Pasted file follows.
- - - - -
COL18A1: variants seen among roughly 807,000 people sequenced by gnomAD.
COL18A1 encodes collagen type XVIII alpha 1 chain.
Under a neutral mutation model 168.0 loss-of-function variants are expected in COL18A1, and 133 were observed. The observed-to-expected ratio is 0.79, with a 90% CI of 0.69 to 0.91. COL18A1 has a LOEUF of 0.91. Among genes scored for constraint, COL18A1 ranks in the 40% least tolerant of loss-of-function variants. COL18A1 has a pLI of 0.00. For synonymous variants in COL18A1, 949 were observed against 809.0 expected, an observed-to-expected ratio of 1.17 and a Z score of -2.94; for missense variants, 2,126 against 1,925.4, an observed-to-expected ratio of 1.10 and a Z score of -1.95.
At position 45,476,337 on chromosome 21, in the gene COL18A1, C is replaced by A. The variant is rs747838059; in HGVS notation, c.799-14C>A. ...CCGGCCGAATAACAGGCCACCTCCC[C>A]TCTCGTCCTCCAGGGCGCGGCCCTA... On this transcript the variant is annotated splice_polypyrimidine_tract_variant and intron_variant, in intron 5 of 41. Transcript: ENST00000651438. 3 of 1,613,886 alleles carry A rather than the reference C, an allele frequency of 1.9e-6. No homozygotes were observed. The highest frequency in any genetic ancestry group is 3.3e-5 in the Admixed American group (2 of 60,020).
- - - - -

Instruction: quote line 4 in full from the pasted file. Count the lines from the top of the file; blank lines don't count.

At position 45,476,337 on chromosome 21, in the gene COL18A1, C is replaced by A. The variant is rs747838059; in HGVS notation, c.799-14C>A. ...CCGGCCGAATAACAGGCCACCTCCC[C>A]TCTCGTCCTCCAGGGCGCGGCCCTA... On this transcript the variant is annotated splice_polypyrimidine_tract_variant and intron_variant, in intron 5 of 41. Transcript: ENST00000651438. 3 of 1,613,886 alleles carry A rather than the reference C, an allele frequency of 1.9e-6. No homozygotes were observed. The highest frequency in any genetic ancestry group is 3.3e-5 in the Admixed American group (2 of 60,020).